Although the clerk’s office is closing its GJAC location, its satellite office at the Gwinnett County Jail is expected to remain open. The office will also continue to accept documents from judges and attorneys via efileGA, Garner said in the email.
Tybee Island City Council passed a resolution calling for specific actions on diversity, according to the Savannah Morning News.
The resolution commits Tybee to a few things.
The city will place a “comprehensive historic display” at Lazaretto Creek and at the site of the civil rights movement-era wade-in protests, when Tybee’s beaches were white only.
A section of the city’s website will be dedicated to the history of Tybee’s “racial, ethnic and religious past.”
Additionally, a third-party group will conduct an annual review of the city’s arrest and sentencing data, as well as the Tybee Island Police Department’s use of force, and the results will be made publicly available on the city’s website.
All city employees will be required to take diversity training under the resolution.
Murray County Public Schools may furlough employees for four days in the coming school year, according to the Dalton Daily Citizen News.
The fiscal year started July 1.
“I think four [furlough days] is a reasonable number, and it doesn’t impact days of instruction,” [Superintendent Steve] Loughridge said, noting that 85% of the system’s budget is salary and benefits for staff. “It won’t be popular, but I think people will understand.”
“Revenues are sorely lacking, but we can’t do anything about that,” he said. School systems around Georgia had to absorb a 10% cut in funding from the state, which cost Murray County Schools roughly $4 million, and the system saw a decrease in equalization funding of roughly $1 million from fiscal year 2020.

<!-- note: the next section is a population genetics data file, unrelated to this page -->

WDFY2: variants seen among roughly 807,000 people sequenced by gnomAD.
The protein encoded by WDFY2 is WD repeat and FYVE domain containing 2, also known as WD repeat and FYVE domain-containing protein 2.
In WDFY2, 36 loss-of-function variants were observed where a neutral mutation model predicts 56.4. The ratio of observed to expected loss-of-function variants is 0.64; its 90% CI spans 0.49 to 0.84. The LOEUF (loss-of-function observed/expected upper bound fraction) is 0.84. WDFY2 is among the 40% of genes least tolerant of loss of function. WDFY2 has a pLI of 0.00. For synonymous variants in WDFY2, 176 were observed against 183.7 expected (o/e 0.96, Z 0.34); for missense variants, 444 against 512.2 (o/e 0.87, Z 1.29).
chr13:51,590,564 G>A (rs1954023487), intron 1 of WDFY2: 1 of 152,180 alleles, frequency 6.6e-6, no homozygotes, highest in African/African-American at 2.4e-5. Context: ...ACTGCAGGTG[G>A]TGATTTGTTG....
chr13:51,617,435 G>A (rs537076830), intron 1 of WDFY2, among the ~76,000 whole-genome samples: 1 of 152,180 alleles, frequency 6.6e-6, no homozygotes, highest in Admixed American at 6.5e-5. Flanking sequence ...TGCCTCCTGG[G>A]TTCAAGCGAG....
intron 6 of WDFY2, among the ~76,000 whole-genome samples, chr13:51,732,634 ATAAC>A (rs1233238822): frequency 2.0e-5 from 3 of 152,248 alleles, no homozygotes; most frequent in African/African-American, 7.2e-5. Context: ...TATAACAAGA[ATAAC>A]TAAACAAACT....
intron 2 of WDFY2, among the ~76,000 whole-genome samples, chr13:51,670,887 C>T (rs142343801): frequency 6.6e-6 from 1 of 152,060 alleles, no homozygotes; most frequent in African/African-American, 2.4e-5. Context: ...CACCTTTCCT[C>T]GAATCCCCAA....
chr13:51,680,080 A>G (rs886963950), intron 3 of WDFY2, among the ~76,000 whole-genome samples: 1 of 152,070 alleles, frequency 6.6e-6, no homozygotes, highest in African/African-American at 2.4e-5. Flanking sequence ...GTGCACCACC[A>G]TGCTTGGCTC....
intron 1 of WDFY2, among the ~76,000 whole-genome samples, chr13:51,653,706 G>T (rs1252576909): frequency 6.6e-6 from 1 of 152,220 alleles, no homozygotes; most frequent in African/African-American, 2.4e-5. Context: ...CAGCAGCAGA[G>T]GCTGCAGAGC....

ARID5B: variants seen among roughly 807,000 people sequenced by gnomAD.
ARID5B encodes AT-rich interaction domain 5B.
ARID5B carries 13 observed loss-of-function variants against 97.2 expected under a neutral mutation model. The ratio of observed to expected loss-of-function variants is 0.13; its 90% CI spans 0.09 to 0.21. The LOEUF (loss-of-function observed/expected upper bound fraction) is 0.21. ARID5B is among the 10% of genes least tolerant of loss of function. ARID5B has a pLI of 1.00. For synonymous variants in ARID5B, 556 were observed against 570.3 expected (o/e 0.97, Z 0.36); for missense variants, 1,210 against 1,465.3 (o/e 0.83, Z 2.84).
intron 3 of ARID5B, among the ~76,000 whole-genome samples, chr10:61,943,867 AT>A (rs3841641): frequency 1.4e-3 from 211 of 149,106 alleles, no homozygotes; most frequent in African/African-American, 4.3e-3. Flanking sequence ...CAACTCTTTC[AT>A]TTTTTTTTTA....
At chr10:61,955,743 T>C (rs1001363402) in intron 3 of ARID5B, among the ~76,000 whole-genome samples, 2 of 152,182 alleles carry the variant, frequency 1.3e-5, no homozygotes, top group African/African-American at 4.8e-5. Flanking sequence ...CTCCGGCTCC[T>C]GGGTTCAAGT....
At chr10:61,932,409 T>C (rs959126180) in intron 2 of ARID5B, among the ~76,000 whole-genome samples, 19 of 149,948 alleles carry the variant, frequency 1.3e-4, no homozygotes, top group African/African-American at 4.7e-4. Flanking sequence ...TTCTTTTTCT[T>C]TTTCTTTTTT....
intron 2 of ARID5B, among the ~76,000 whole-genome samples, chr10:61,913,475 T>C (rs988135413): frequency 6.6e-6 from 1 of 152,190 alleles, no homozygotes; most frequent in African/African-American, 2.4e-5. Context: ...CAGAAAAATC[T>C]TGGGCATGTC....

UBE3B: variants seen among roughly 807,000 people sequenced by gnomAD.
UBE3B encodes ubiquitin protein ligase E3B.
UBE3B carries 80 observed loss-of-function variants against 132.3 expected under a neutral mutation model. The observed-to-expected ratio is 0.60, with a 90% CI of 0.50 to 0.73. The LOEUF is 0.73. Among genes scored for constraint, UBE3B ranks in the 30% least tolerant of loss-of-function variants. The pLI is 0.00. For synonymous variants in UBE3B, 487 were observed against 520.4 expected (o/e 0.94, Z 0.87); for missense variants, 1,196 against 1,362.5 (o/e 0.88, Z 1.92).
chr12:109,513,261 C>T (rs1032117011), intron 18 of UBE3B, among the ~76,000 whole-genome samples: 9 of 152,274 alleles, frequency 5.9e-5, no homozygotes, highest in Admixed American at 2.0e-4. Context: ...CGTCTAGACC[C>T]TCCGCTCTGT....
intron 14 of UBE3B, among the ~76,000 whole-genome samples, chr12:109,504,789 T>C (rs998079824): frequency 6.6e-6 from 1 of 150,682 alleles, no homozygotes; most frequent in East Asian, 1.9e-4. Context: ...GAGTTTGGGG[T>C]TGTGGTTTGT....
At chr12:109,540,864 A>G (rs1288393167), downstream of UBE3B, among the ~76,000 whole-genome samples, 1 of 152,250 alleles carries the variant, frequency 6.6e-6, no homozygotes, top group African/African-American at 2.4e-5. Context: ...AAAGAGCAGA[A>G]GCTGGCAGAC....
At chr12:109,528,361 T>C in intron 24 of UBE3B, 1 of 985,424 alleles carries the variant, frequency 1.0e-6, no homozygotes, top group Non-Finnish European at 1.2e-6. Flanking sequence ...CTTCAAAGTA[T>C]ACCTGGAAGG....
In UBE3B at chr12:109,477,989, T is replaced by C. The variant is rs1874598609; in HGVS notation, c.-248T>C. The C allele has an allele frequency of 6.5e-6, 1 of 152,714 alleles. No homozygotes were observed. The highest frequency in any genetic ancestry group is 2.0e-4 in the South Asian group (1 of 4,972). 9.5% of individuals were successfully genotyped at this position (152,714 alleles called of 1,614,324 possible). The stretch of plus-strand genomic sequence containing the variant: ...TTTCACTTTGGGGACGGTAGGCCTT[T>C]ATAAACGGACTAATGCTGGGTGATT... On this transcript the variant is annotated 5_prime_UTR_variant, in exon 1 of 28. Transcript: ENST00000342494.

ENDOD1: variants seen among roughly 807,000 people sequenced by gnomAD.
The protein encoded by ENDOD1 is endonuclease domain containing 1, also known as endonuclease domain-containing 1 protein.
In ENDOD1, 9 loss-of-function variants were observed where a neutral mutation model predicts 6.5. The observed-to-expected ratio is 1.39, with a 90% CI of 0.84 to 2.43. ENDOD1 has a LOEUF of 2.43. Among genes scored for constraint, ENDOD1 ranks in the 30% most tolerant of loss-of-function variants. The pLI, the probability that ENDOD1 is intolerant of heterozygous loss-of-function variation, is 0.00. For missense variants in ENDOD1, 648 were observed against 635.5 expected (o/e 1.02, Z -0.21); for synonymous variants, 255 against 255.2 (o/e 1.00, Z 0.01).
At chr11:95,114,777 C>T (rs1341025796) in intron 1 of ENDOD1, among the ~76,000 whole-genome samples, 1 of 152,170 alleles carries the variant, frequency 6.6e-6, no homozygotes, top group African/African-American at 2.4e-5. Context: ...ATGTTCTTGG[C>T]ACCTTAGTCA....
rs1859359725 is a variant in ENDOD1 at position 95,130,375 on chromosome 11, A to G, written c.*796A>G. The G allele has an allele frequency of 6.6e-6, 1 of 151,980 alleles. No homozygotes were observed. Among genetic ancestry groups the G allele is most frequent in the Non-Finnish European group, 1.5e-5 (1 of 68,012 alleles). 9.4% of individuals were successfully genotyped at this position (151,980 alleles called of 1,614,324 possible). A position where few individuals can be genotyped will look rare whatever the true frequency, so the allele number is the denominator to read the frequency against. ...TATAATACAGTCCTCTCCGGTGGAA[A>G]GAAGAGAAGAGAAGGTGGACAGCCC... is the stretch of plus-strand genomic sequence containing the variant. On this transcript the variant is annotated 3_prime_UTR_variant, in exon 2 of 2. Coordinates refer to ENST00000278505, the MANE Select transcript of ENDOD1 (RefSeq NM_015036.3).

Dalton Public Schools, which adopted a budget with two furlough days for staff for fiscal year 2021, received its highest-ever amount in equalization funding, $3.7 million, which is roughly “$1.3 million to the good” over the previous year, according to Theresa Perry, the system’s chief financial officer. “We are below the state average in property value per child, so that’s part of why we get more in equalization funding.”
Whitfield County Schools, which opted against any furlough days in fiscal year 2021, picked up an additional $1.3 million in equalization funding from the state, which was “a pleasant surprise,” according to Kelly Coon, the system’s chief financial officer. The equalization formula considers average property wealth per student in school systems, as well as the number of students and property tax rates.
Harris County public schools are offering three options for fall: traditional in-person; digital/online; and homeschooling, according to the Ledger-Enquirer.
Clarke County public schools are considering pushing back their reopening date, according to the Athens Banner Herald.
Clarke County schools may delay the beginning of the school year until mid-August or after Labor Day Sept. 7.